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James E. Franklin, Exchange Act Rel. 56649, October 12, 2007

Penny stock bar, collateral estoppel, unclean hands defense
Time from appeal to decision - 10 months, 7 days.
Time from last brief to decision - 6 months, 17 days.
15 pages.


The ALJ by summary disposition entered a penny stock bar based on Respondent's 2005 federal court injunction and imposition of third tier penalties of $770,000 following a jury trial.  The jury found that Franklin had violated Exchange Act Section 10(b), Securities Act Section 5, and the anti-touting provisions of Securities Act Section 17(b).  The violations occurred in connection with a pump and dump scheme in a number of stocks that featured an internet site that touted stocks he had previously acquired.  The scheme netted more than $4 million in profits.  Respondent personally reaped at least $831,000 in profits.  
While touting the stocks as good investments, Respondent was simultaneously selling his holdings.

Respondent's appeal of the district court injunction is pending.

The Commission ruled that Respondent is collaterally estopped from seeking both reconsideration of the prior civil verdict, but also the factual and procedural issues that were actually litigated and necessary to that decision.  Nor may Respondent raise alleged SEC staff misconduct in connection with the injunctive proceeding.  The Commission rejected Respondent's unclean hands defense, finding that the alleged staff misconduct did not prejudice his defense of the injunctive action.  For example, he claimed the staff had improperly disclosed its investigation to judgment debtors of his in an unrelated civil action.  Also rejected was his claim that the staff engaged in misconduct when it notified Respondent and his counsel during a telephone call that his testimony in his deposition in that matter raised issues of perjury.  

There was nothing improper in the Division of Enforcement not seeking a penny stock bar in the civil action, but instead bringing these proceedings to obtain one.  

The Commission found that a penny stock bar was in the public interest.  It found Respondent's violations egregious.  He touted stocks he had bought cheaply using false statements and personally sold them at the same time he was recommending them to the public as good investments.  The seriousness of his conduct is also demonstrated by the amount of penalty imposed by the district court.  Further, he acted with a high degree of scienter which is demonstrated by the steps he took to conceal his participating in the scheme by using a brokerage account held in the name of a Turks & Caicos company.  Finally, the conduct was not isolated, it involved seven stocks and was similar to conduct by him in yet another SEC injunctive action in which he was ordered to pay joint and several disgorgement of $889,000. Respondent's claim that the public interest is served by the injunctions, obviating the need for a penny stock bar is rebutted by the fact that the first injunction did not prevent a repeat of his conduct.  Given his history, a bar is the only way to prevent Respondent from future dealings in penny stocks.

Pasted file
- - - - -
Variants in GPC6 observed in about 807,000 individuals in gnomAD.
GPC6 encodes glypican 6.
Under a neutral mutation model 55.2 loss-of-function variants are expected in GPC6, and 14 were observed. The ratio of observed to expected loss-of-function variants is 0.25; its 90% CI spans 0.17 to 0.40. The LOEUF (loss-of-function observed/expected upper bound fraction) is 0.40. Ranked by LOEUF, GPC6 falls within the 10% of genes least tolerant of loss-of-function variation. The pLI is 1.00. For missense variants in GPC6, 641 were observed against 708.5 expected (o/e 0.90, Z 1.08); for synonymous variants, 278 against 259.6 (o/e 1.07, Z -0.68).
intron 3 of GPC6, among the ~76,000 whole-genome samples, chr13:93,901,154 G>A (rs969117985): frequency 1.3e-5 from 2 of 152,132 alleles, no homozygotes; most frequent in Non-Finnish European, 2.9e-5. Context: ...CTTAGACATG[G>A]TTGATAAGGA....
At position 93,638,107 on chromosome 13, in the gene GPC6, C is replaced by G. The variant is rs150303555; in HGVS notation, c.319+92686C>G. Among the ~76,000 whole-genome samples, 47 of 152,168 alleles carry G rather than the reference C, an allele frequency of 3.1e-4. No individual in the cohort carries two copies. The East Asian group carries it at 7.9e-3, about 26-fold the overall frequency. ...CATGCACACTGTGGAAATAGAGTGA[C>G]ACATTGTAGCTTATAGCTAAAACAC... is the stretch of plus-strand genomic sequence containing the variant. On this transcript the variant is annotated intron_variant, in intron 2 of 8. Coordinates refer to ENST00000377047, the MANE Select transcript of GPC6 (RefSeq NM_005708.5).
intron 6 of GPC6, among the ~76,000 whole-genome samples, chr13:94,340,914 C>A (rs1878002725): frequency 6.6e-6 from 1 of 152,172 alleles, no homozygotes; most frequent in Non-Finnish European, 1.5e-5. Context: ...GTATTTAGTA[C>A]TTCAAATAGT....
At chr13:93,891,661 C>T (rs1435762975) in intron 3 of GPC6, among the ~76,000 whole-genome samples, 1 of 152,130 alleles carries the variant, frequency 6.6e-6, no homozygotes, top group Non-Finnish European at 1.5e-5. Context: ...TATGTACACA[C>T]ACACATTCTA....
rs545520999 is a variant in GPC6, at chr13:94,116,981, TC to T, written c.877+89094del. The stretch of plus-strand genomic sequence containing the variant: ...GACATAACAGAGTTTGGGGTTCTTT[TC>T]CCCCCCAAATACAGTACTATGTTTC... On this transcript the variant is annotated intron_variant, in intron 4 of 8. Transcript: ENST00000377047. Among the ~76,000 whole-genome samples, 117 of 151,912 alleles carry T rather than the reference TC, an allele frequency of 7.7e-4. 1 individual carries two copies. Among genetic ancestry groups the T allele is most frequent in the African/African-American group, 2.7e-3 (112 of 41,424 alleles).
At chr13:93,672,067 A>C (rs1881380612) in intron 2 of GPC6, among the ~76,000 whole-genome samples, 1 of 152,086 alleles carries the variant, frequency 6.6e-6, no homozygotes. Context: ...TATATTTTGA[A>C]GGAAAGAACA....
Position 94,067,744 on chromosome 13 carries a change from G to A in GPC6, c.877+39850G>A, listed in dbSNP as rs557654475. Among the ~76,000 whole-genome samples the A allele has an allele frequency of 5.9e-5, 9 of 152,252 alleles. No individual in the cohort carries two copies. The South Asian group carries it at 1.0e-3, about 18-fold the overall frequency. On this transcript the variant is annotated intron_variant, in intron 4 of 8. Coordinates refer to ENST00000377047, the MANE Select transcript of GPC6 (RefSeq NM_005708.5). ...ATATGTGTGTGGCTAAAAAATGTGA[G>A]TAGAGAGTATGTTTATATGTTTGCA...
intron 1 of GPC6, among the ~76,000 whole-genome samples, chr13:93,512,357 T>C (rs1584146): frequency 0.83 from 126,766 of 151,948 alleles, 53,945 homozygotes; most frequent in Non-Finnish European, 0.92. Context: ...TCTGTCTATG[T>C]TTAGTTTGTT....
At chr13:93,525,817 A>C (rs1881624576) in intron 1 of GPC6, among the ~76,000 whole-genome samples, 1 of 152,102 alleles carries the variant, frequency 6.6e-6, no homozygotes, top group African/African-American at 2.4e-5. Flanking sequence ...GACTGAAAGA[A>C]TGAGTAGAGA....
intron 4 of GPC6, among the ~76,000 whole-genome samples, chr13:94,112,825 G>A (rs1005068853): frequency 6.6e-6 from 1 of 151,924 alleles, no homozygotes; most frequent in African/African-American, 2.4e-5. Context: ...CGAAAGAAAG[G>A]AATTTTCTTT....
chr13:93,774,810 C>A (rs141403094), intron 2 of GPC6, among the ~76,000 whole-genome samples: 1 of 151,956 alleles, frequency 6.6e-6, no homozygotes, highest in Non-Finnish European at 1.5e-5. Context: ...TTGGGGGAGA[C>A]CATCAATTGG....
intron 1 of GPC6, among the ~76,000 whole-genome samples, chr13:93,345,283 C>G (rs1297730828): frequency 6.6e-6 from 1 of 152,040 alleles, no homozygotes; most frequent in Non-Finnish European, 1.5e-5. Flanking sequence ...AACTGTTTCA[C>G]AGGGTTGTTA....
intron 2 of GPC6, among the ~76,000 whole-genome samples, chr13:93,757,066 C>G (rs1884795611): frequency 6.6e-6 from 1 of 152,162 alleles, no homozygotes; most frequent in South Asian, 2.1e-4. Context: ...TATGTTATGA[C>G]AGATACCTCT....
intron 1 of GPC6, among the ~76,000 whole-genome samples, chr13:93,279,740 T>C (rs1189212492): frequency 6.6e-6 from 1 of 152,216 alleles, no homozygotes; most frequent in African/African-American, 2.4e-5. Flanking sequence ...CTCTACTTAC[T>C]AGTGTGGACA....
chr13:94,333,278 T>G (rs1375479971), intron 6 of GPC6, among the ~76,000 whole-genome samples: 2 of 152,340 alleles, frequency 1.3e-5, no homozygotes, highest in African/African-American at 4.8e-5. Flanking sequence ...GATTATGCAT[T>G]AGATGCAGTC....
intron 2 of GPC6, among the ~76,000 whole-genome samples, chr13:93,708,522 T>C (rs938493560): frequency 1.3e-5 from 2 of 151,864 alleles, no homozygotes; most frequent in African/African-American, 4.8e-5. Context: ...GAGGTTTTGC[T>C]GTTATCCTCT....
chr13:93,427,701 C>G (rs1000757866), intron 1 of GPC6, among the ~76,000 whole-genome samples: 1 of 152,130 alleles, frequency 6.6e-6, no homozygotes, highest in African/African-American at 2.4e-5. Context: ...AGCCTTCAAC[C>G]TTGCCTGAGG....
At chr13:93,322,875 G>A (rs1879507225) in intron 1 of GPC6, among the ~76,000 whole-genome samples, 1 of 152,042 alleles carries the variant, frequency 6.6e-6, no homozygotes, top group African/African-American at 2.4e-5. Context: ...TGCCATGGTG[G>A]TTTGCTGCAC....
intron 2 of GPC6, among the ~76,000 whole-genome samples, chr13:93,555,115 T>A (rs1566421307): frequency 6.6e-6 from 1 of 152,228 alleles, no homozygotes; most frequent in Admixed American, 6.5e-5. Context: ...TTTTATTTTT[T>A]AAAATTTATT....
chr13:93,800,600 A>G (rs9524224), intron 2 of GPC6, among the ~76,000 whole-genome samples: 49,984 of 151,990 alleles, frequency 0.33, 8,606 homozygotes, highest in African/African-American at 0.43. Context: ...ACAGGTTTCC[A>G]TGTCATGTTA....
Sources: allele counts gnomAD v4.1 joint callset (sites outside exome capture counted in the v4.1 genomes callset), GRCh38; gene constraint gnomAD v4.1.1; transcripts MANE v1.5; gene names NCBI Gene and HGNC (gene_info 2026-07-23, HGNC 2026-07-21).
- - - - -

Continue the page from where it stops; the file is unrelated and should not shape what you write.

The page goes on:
The Commission includes a lengthy and detailed discussion of why a bar is an appropriate sanction.  This is a refreshing departure from past practice, and seems to indicate that the Commission has perhaps learned from recent D.C. Circuit Court opinions that it is required to fully articulate why the sanctions it imposes are appropriate.

However, speed continues to be an obvious issue.  This was a completely routine matter that raised no legal issues and presented few factual complexities.  Nevertheless, the Commission took more than 6 months to produce the opinion and allowed more than 3 1/2 months for briefing.  Surely, routine matters such as this can be handled more expeditiously.  Indeed, the length of time taken by the Commission to impose the sanction arguably belies the claim in the opinion that the public interest demands that Respondent be barred from participating in a penny stock offering because he is a recidivist.  Doesn't the public interest also require that the Commission act more promptly?  It is not as if the Commission or its staff is overwhelmed with appellate cases.  It has issued only 18 [note- since this was written the Commission added 2 earlier opinions to its web site - so the number so far this year is 20] opinions this year.

Key Points
  • When a proceeding is based on a previous civil injunction, Respondent may not collaterally challenge the verdict or findings in that action.  As a result, he may not challenge in this proceeding evidentiary rulings by the district court.
  • A pending appeal of the underlying injunction does not affect that injunction's status as the basis for administrative proceedings.
  • The doctrine of unclean hands may not be invoked against a government agency bringing a public interest proceeding.  
  • To be valid, an unclean hands defense must invoke egregious misconduct that rises to a constitutional level.
  • Commission Routine Uses under the Privacy Act permit the staff to disclose the existence of an investigation if the staff believes such disclosure may aid the investigation.
  • Critical factors in evaluating the appropriateness of a bar include the nature of the conduct, the likelihood Respondent's occupation will present opportunities for future violations, and whether the sanction will have a deterrent effect on others.
  • Ordinarily, and absent evidence to the contrary, a bar is appropriate when Respondent has been enjoined from violating anti-fraud provisions.